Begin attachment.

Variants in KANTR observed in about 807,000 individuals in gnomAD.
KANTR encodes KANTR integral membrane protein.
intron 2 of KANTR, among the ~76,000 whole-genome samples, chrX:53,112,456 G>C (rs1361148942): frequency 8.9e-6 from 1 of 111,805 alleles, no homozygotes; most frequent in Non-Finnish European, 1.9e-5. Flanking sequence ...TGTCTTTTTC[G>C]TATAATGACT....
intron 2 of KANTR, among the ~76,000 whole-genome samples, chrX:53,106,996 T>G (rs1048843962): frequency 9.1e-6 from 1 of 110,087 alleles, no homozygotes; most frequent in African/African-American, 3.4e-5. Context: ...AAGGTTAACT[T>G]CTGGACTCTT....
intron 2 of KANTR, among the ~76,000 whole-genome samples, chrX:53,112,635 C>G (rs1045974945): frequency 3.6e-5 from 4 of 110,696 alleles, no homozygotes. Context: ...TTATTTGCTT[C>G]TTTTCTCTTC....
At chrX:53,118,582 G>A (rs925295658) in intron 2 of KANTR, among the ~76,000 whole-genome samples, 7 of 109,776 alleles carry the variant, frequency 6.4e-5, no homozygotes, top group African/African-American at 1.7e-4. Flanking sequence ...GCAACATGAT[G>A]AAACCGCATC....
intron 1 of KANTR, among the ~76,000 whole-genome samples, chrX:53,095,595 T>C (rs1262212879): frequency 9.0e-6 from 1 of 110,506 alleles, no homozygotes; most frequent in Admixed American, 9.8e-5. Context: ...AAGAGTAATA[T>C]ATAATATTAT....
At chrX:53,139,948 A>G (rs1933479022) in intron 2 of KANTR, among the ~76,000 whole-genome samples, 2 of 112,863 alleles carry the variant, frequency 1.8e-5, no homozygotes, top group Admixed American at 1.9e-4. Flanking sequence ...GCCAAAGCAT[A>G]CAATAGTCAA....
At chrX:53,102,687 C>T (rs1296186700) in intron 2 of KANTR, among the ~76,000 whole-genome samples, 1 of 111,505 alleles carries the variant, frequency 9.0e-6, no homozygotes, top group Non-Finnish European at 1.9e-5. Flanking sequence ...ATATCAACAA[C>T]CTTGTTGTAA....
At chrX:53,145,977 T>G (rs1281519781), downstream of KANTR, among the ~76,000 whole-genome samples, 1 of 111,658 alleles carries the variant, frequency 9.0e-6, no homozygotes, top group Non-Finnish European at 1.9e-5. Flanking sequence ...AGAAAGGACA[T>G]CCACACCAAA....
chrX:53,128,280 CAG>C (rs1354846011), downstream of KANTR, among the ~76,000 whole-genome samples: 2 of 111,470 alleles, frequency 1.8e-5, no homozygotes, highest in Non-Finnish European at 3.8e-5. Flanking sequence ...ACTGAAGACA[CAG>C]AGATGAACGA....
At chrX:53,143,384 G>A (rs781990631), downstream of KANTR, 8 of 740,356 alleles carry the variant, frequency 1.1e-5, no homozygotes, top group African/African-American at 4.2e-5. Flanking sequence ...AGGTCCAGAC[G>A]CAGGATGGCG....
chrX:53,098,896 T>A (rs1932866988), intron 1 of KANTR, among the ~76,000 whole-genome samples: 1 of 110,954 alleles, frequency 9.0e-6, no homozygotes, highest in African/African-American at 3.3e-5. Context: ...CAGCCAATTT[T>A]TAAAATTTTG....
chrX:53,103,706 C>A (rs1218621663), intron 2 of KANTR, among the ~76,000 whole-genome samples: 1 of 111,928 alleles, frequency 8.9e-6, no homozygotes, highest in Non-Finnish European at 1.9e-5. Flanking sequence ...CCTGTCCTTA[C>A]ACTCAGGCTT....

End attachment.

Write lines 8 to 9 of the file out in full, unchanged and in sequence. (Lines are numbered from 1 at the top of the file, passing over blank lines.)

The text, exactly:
At chrX:53,139,948 A>G (rs1933479022) in intron 2 of KANTR, among the ~76,000 whole-genome samples, 2 of 112,863 alleles carry the variant, frequency 1.8e-5, no homozygotes, top group Admixed American at 1.9e-4. Flanking sequence ...GCCAAAGCAT[A>G]CAATAGTCAA....
At chrX:53,102,687 C>T (rs1296186700) in intron 2 of KANTR, among the ~76,000 whole-genome samples, 1 of 111,505 alleles carries the variant, frequency 9.0e-6, no homozygotes, top group Non-Finnish European at 1.9e-5. Flanking sequence ...ATATCAACAA[C>T]CTTGTTGTAA....